The Most Common Finding I See With New Patients: Pelvic Torque
The most common thing I see with a new patient is unleveling of the pelvis variously called pelvic torque or pelvic drop. Most often the right side is lower than the left. A simple motion test (the legs are lifted like a marching step) generally shows the high side, usually the left, not moving correctly (not rotating backward and down). When we lay this person down we will see the right leg shorter than the left. This long leg/short leg phenomenon causes changes in the muscular system and the bony structure that can result in other problems.
Most serious problems happen on the side of the high pelvis. There is compression at the base of spine, the lumbosacral junction. It often manifests as pain on that side anywhere from the buttock area (often the piriformis muscle) all the way to the lower leg and calf. The pain often stops around the knee but the presentation is variable. The solution is to level the pelvis which is easily accomplished but sometimes hard to maintain. That’s why repetition is important. Reprogramming the posture is the route to long term change. Neuroplasticity is the new buzzword which describes how the nervous system “learns” or “re-learns” more defensible, healthful musculoskeletal positioning, We will discuss neuroplasticity more in an upcoming blog.
Along with adjusting the pelvis to eliminate the short leg and restore pelvic balance it is almost always necessary to adjust the lumbosacral articulation to take stress off the compressed spinal joint. We call this condition ‘facet syndrome’ because it results from compression of the spinal facets (the true spinal joint, each vertebrae has four, in each of the four corners). Caught early in the process healing can occur quickly if a level pelvis is maintained. If this conditions lingers it results in degenerative changes including disc compression or even disc herniation.
Now what about that knee pain related to sitting too long? Turns out that sitting is one of the major causes of the unlevel/torqued pelvis. Imbalanced weight bearing from the pelvis results in imbalanced weight bearing on the knee joint. This unequal weight bearing results in the loss of the normal ‘screw-home’ mechanism between the thigh bone (femur) and the lower leg bone (tibia). This mechanism serves as a critical function of the knee and only occurs at the end of knee extension. There is an observable rotation of the knee and this rotation is important for healthy movement of the knee. The loss of rotation causes abnormal wear and tear and eventually pain and degenerative changes. Abnormal weight bearing due to the unlevel/torqued pelvis is the cause of the problem.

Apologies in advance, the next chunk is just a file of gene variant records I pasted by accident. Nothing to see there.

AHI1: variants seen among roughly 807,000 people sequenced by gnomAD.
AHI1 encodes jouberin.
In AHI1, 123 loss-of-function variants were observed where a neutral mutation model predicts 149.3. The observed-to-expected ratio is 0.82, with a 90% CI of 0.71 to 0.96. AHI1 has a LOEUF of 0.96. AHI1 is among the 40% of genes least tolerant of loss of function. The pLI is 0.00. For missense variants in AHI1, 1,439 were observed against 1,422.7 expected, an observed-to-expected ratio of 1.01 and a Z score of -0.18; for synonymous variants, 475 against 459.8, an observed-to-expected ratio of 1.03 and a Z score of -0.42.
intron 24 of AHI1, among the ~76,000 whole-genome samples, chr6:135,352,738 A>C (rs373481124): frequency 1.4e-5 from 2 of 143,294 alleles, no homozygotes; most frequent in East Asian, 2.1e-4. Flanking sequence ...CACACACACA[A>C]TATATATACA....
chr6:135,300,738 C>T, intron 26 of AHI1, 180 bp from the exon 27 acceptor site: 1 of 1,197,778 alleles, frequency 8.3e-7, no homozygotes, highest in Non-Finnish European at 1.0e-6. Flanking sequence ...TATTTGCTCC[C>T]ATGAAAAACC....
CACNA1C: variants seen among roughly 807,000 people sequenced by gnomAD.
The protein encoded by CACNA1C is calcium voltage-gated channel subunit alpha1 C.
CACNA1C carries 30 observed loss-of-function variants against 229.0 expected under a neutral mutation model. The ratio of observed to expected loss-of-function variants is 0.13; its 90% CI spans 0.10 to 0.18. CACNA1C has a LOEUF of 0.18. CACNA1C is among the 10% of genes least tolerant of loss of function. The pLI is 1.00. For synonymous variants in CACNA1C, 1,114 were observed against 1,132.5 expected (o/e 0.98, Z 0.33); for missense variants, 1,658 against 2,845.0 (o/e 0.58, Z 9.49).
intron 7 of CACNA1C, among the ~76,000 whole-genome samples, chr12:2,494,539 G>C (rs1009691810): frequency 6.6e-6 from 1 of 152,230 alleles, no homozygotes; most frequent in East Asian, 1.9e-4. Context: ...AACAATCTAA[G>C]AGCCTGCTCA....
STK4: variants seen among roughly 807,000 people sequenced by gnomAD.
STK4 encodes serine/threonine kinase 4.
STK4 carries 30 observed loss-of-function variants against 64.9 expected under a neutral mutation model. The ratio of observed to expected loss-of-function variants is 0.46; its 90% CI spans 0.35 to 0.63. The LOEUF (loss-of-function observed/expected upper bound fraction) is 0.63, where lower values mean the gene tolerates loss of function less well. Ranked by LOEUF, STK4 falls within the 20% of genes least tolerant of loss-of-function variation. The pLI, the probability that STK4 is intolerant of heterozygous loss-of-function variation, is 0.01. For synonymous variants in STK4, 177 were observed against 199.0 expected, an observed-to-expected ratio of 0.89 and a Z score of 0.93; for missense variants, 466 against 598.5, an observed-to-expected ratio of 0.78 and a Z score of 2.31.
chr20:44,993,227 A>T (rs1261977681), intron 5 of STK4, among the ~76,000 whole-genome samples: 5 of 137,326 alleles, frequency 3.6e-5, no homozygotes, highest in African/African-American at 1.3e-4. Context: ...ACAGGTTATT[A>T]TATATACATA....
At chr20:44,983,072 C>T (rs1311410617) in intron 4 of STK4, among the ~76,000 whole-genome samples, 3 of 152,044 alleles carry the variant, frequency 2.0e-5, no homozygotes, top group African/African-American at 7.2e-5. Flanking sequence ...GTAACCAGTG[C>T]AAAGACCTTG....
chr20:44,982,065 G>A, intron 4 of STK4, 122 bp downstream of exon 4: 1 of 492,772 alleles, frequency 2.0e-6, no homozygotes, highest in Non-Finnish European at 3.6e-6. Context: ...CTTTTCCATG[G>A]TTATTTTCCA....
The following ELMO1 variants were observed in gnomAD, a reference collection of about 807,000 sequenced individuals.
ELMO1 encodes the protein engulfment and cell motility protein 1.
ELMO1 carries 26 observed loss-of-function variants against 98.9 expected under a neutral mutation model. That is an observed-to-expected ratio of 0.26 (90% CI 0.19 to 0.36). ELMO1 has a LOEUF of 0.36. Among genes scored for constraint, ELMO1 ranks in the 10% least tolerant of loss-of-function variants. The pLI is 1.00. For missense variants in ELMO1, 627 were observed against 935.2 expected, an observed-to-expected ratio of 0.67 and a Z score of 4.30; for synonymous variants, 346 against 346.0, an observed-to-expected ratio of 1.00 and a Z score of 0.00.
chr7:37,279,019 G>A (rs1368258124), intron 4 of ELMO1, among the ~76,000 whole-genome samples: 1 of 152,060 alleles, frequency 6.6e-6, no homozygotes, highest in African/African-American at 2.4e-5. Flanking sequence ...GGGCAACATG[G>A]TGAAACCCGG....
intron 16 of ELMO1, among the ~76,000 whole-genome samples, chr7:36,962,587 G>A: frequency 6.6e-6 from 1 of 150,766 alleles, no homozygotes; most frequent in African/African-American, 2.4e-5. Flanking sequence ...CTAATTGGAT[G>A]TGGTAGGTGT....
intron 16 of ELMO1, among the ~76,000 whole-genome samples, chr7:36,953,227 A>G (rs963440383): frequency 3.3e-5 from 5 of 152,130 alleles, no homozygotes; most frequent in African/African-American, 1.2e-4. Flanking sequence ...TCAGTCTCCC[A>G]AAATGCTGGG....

So not only do we need to adjust the pelvis to level it and usually the lumbosacral/lumbar joints to eliminate compression but sometimes the knee joint is adjusted to restore the ‘screw home’ mechanism.
Unfortunately the pelvis, lumbar spine and knee joint are not the only fallout from the damnable pelvic torque. There is the issue of shortening of the paraspinal muscles on the high side causing shoulder problems. Although not seen in a majority of cases it happens often enough that we will go into potential shoulder issues in a future blog.
After all that technical talk there are two important takeaways: Pelvic torque/imbalance/unleveling or whatever you call it, is correctable and important to eliminate along with the other musculoskeletal problems that frequently accompany the syndrome. Second, fixing the ergonomics of your situation whether it’s from work, hobbies or just lounging around is important to avoid painfully unpleasant musculoskeletal pathologies. So talking about sitting and the general area of ergonomics is an important topic for another blog.